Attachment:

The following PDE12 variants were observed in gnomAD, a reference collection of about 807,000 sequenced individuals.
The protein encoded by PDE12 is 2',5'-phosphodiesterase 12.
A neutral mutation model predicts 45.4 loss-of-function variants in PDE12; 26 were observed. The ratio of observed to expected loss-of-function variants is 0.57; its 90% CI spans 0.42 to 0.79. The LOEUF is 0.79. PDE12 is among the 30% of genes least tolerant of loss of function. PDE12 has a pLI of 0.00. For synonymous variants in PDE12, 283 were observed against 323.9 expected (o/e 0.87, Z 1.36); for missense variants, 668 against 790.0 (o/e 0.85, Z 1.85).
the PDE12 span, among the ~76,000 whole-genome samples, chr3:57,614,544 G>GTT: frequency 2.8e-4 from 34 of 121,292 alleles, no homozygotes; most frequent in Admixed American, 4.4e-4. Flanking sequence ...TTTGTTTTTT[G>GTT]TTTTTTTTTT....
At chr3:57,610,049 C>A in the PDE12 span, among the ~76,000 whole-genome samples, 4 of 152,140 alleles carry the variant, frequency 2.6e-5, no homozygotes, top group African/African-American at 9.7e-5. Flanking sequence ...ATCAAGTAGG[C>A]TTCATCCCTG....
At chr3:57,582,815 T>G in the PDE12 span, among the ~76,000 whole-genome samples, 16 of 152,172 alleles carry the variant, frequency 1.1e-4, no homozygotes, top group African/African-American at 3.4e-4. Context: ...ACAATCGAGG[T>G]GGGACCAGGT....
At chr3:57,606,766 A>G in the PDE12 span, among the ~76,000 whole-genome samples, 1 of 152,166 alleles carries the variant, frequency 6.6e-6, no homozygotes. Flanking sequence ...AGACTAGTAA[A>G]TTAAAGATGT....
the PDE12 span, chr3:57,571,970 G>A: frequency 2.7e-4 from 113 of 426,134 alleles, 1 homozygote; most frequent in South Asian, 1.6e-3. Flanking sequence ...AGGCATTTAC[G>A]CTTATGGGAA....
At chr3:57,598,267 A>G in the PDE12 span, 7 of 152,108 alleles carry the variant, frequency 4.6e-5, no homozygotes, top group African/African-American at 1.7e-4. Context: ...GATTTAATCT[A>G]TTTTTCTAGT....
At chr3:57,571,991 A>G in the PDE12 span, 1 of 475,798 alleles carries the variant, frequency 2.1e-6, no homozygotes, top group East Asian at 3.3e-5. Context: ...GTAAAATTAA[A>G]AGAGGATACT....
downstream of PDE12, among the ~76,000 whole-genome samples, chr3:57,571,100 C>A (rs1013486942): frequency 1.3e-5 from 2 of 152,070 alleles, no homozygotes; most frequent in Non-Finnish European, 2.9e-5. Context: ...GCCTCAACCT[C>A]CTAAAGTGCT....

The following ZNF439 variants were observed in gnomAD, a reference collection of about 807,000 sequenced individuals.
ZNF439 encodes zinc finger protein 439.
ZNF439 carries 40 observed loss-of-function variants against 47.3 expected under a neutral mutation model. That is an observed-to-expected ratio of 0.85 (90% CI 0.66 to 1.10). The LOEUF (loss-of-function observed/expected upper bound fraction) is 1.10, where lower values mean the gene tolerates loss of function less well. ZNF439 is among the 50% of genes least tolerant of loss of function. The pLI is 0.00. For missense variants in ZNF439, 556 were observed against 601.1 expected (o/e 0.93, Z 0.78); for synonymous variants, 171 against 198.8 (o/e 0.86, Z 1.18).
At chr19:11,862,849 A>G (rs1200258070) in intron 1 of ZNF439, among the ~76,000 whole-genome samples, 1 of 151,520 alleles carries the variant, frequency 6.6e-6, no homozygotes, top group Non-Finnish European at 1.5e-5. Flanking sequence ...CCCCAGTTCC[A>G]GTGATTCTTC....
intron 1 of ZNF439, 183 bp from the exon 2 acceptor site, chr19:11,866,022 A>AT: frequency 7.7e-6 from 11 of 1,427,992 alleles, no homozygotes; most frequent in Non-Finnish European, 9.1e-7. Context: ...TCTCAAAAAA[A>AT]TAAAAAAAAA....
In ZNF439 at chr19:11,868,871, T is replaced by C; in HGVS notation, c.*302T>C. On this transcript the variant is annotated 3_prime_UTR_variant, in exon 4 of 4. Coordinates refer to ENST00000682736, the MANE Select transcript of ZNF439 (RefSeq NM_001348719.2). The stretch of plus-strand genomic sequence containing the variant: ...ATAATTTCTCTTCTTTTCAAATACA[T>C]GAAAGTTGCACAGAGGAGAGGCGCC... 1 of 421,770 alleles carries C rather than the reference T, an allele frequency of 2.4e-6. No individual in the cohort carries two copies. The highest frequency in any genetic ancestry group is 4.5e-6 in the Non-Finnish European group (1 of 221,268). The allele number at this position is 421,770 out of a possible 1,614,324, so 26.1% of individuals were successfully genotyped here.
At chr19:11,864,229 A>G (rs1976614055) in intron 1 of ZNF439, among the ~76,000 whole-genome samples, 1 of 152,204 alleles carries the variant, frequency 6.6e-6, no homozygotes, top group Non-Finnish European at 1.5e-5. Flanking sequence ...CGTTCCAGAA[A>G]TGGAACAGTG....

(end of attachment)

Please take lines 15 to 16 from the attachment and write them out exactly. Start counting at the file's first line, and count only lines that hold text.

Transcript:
At chr19:11,862,849 A>G (rs1200258070) in intron 1 of ZNF439, among the ~76,000 whole-genome samples, 1 of 151,520 alleles carries the variant, frequency 6.6e-6, no homozygotes, top group Non-Finnish European at 1.5e-5. Flanking sequence ...CCCCAGTTCC[A>G]GTGATTCTTC....
intron 1 of ZNF439, 183 bp from the exon 2 acceptor site, chr19:11,866,022 A>AT: frequency 7.7e-6 from 11 of 1,427,992 alleles, no homozygotes; most frequent in Non-Finnish European, 9.1e-7. Context: ...TCTCAAAAAA[A>AT]TAAAAAAAAA....